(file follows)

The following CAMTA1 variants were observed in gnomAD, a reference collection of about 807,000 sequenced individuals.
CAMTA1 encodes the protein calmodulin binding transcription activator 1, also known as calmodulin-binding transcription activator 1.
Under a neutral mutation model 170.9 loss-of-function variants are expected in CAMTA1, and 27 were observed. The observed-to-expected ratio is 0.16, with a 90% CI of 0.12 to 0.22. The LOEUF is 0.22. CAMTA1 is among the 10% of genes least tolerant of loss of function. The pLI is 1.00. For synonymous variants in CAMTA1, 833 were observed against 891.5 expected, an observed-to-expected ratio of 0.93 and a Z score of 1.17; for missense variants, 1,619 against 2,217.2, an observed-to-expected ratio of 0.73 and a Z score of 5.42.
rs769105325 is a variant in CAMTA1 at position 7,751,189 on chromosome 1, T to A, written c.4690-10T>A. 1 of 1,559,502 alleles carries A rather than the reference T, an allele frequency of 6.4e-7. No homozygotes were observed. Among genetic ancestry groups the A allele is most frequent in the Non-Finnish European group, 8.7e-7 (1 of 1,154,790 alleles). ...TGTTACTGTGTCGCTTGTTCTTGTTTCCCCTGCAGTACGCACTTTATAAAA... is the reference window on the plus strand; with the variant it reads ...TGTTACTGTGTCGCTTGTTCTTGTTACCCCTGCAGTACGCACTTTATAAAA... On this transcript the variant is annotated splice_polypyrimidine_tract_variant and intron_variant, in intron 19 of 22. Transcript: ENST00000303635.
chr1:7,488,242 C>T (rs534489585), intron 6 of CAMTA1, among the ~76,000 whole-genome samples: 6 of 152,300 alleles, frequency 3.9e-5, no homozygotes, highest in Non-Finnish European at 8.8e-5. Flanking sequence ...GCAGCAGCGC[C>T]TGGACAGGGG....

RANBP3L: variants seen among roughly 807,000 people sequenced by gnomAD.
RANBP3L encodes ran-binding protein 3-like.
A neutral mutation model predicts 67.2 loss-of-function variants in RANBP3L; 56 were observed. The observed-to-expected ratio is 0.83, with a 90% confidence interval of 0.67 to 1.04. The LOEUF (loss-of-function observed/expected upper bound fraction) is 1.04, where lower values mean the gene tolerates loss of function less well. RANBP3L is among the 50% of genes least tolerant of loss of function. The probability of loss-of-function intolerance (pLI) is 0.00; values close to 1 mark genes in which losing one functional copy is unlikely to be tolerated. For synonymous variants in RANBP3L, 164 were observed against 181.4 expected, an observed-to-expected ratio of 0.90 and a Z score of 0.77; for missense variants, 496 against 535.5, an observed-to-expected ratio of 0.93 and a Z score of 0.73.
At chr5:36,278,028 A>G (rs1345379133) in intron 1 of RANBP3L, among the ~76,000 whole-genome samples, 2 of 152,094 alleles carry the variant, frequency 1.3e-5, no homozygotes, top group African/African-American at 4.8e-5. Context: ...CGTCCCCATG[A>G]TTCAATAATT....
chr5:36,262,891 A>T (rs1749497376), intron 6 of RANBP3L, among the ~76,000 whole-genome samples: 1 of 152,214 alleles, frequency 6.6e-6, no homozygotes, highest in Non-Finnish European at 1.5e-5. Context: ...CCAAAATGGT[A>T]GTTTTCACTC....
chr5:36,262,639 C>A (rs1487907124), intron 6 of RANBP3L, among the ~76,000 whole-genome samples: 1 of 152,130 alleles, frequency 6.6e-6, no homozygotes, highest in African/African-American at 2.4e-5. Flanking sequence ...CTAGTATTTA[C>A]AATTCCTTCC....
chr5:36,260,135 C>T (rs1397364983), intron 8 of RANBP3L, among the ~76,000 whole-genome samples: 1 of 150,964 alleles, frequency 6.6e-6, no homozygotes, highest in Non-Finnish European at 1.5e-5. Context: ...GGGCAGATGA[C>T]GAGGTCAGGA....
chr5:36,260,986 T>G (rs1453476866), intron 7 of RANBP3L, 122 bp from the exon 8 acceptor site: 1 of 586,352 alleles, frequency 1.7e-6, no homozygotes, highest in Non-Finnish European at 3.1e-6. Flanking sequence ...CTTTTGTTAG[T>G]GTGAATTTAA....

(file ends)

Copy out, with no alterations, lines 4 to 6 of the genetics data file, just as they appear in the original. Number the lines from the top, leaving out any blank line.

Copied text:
rs769105325 is a variant in CAMTA1 at position 7,751,189 on chromosome 1, T to A, written c.4690-10T>A. 1 of 1,559,502 alleles carries A rather than the reference T, an allele frequency of 6.4e-7. No homozygotes were observed. Among genetic ancestry groups the A allele is most frequent in the Non-Finnish European group, 8.7e-7 (1 of 1,154,790 alleles). ...TGTTACTGTGTCGCTTGTTCTTGTTTCCCCTGCAGTACGCACTTTATAAAA... is the reference window on the plus strand; with the variant it reads ...TGTTACTGTGTCGCTTGTTCTTGTTACCCCTGCAGTACGCACTTTATAAAA... On this transcript the variant is annotated splice_polypyrimidine_tract_variant and intron_variant, in intron 19 of 22. Transcript: ENST00000303635.
chr1:7,488,242 C>T (rs534489585), intron 6 of CAMTA1, among the ~76,000 whole-genome samples: 6 of 152,300 alleles, frequency 3.9e-5, no homozygotes, highest in Non-Finnish European at 8.8e-5. Flanking sequence ...GCAGCAGCGC[C>T]TGGACAGGGG....

RANBP3L: variants seen among roughly 807,000 people sequenced by gnomAD.